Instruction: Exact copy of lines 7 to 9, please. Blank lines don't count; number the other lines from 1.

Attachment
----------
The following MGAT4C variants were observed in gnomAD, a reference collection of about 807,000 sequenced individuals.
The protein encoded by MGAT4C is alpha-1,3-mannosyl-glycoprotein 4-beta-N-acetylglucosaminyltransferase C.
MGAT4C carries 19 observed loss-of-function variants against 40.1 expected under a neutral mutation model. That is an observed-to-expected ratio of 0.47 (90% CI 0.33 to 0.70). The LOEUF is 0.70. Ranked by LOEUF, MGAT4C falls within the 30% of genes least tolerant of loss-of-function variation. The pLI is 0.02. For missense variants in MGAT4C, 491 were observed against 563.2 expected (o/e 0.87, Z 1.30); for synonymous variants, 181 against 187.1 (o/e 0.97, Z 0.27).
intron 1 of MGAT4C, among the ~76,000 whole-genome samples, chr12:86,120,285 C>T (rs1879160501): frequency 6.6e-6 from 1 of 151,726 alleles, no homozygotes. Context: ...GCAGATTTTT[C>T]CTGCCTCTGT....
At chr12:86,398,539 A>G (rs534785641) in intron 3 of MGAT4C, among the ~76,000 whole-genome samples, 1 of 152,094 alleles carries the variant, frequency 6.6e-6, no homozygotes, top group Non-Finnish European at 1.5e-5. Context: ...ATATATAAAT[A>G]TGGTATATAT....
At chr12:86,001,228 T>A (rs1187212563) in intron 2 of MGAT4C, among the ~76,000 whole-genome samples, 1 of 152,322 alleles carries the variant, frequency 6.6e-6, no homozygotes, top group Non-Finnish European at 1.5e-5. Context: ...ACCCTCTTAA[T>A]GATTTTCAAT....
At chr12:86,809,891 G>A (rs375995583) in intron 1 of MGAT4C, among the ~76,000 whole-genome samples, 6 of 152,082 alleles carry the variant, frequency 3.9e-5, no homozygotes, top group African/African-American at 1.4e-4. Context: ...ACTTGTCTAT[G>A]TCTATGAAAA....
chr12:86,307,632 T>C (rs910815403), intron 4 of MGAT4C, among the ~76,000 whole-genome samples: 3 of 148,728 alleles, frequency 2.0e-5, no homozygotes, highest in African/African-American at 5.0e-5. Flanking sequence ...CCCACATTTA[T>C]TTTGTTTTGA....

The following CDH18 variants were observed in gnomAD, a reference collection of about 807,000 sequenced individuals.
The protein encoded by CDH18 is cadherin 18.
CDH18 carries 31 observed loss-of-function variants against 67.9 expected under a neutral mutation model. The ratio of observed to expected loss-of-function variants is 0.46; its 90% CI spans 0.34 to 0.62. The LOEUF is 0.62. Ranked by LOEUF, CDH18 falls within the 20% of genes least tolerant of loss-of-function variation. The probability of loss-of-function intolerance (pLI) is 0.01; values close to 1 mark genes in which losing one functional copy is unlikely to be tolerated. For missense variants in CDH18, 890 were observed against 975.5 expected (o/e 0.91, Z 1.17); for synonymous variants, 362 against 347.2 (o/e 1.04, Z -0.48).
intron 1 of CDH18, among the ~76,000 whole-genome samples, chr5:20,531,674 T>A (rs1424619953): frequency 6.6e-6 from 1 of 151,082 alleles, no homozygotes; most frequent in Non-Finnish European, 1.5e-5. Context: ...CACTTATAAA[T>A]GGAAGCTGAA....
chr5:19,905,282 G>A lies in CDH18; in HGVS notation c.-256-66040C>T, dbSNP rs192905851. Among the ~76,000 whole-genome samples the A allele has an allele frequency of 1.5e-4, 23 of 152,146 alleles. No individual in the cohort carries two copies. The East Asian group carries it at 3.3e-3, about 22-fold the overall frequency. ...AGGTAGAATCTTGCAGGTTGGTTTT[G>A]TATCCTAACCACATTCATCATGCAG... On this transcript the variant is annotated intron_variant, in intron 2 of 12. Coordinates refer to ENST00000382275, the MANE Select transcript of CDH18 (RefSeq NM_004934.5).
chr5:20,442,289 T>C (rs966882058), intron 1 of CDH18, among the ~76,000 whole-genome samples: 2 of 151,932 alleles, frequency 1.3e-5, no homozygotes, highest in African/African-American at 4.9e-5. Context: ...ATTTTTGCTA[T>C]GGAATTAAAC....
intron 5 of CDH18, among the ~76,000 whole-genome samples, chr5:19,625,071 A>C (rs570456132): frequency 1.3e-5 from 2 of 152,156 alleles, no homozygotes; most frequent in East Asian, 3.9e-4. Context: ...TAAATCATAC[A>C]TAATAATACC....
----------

At chr12:86,809,891 G>A (rs375995583) in intron 1 of MGAT4C, among the ~76,000 whole-genome samples, 6 of 152,082 alleles carry the variant, frequency 3.9e-5, no homozygotes, top group African/African-American at 1.4e-4. Context: ...ACTTGTCTAT[G>A]TCTATGAAAA....
chr12:86,307,632 T>C (rs910815403), intron 4 of MGAT4C, among the ~76,000 whole-genome samples: 3 of 148,728 alleles, frequency 2.0e-5, no homozygotes, highest in African/African-American at 5.0e-5. Flanking sequence ...CCCACATTTA[T>C]TTTGTTTTGA....

The following CDH18 variants were observed in gnomAD, a reference collection of about 807,000 sequenced individuals.